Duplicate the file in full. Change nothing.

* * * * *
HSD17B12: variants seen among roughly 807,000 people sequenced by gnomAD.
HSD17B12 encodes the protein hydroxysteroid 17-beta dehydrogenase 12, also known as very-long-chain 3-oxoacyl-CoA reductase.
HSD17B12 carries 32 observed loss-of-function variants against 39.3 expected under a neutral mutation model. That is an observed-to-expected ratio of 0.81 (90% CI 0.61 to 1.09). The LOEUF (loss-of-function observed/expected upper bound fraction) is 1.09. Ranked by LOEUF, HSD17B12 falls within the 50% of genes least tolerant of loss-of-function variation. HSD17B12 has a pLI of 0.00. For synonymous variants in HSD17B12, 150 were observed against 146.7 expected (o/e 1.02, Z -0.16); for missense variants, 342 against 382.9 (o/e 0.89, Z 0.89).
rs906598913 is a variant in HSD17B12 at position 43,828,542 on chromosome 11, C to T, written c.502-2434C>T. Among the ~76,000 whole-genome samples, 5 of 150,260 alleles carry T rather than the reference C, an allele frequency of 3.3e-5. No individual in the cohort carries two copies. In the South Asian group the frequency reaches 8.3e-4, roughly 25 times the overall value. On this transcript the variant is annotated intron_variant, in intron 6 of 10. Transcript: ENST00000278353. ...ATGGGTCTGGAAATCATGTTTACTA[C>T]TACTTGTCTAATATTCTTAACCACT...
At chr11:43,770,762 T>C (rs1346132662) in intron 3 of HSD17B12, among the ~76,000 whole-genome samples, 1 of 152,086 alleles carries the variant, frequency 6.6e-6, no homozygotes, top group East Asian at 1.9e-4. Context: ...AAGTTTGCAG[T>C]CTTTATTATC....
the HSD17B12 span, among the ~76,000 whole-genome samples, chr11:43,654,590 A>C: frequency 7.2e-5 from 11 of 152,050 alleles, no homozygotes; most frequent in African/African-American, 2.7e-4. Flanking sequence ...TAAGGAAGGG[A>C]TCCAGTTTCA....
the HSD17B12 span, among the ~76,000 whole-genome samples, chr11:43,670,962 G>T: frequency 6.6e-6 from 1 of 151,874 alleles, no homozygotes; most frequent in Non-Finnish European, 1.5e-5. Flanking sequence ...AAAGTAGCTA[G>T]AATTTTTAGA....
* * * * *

HSD17B12: variants seen among roughly 807,000 people sequenced by gnomAD.
HSD17B12 encodes the protein hydroxysteroid 17-beta dehydrogenase 12, also known as very-long-chain 3-oxoacyl-CoA reductase.
HSD17B12 carries 32 observed loss-of-function variants against 39.3 expected under a neutral mutation model. That is an observed-to-expected ratio of 0.81 (90% CI 0.61 to 1.09). The LOEUF (loss-of-function observed/expected upper bound fraction) is 1.09. Ranked by LOEUF, HSD17B12 falls within the 50% of genes least tolerant of loss-of-function variation. HSD17B12 has a pLI of 0.00. For synonymous variants in HSD17B12, 150 were observed against 146.7 expected (o/e 1.02, Z -0.16); for missense variants, 342 against 382.9 (o/e 0.89, Z 0.89).
rs906598913 is a variant in HSD17B12 at position 43,828,542 on chromosome 11, C to T, written c.502-2434C>T. Among the ~76,000 whole-genome samples, 5 of 150,260 alleles carry T rather than the reference C, an allele frequency of 3.3e-5. No individual in the cohort carries two copies. In the South Asian group the frequency reaches 8.3e-4, roughly 25 times the overall value. On this transcript the variant is annotated intron_variant, in intron 6 of 10. Transcript: ENST00000278353. ...ATGGGTCTGGAAATCATGTTTACTA[C>T]TACTTGTCTAATATTCTTAACCACT...
At chr11:43,770,762 T>C (rs1346132662) in intron 3 of HSD17B12, among the ~76,000 whole-genome samples, 1 of 152,086 alleles carries the variant, frequency 6.6e-6, no homozygotes, top group East Asian at 1.9e-4. Context: ...AAGTTTGCAG[T>C]CTTTATTATC....
the HSD17B12 span, among the ~76,000 whole-genome samples, chr11:43,654,590 A>C: frequency 7.2e-5 from 11 of 152,050 alleles, no homozygotes; most frequent in African/African-American, 2.7e-4. Flanking sequence ...TAAGGAAGGG[A>C]TCCAGTTTCA....
the HSD17B12 span, among the ~76,000 whole-genome samples, chr11:43,670,962 G>T: frequency 6.6e-6 from 1 of 151,874 alleles, no homozygotes; most frequent in Non-Finnish European, 1.5e-5. Flanking sequence ...AAAGTAGCTA[G>T]AATTTTTAGA....